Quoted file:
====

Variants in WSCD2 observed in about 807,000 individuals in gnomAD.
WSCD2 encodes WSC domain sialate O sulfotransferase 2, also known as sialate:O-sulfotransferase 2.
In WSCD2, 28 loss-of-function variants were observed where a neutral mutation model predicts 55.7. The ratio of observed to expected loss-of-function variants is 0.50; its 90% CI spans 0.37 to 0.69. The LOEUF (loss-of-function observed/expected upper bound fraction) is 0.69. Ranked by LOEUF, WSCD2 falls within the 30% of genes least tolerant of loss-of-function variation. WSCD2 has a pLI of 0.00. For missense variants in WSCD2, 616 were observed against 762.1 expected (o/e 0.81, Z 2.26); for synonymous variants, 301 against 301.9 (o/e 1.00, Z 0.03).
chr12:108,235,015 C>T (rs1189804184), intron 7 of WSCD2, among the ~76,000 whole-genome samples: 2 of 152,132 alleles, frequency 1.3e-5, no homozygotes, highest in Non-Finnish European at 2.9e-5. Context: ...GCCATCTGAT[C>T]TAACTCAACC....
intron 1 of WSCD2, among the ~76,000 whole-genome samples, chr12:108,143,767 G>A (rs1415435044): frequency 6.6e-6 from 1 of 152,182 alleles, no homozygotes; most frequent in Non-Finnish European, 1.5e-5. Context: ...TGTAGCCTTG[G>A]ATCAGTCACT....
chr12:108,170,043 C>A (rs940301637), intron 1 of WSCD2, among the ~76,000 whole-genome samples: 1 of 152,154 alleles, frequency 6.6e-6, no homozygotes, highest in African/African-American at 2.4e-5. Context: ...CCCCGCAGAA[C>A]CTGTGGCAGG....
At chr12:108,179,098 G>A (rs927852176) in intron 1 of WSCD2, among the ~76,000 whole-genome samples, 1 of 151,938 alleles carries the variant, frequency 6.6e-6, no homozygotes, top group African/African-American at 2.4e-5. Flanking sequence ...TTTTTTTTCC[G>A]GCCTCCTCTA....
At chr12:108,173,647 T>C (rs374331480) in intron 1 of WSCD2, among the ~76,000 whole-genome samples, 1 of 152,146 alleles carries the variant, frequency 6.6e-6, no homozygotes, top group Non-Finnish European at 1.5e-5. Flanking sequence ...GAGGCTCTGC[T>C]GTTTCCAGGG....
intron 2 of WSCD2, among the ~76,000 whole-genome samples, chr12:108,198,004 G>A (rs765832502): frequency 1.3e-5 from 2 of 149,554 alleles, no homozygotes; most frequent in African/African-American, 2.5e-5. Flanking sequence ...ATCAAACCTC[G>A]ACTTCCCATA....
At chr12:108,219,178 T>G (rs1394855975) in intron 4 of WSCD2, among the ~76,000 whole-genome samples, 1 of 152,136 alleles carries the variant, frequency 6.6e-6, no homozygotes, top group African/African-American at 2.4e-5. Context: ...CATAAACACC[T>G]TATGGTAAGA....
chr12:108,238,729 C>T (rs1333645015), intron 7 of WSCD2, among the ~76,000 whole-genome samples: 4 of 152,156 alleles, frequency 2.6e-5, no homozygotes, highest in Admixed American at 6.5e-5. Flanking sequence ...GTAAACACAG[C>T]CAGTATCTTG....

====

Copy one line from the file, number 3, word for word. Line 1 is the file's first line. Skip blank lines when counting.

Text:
In WSCD2, 28 loss-of-function variants were observed where a neutral mutation model predicts 55.7. The ratio of observed to expected loss-of-function variants is 0.50; its 90% CI spans 0.37 to 0.69. The LOEUF (loss-of-function observed/expected upper bound fraction) is 0.69. Ranked by LOEUF, WSCD2 falls within the 30% of genes least tolerant of loss-of-function variation. WSCD2 has a pLI of 0.00. For missense variants in WSCD2, 616 were observed against 762.1 expected (o/e 0.81, Z 2.26); for synonymous variants, 301 against 301.9 (o/e 1.00, Z 0.03).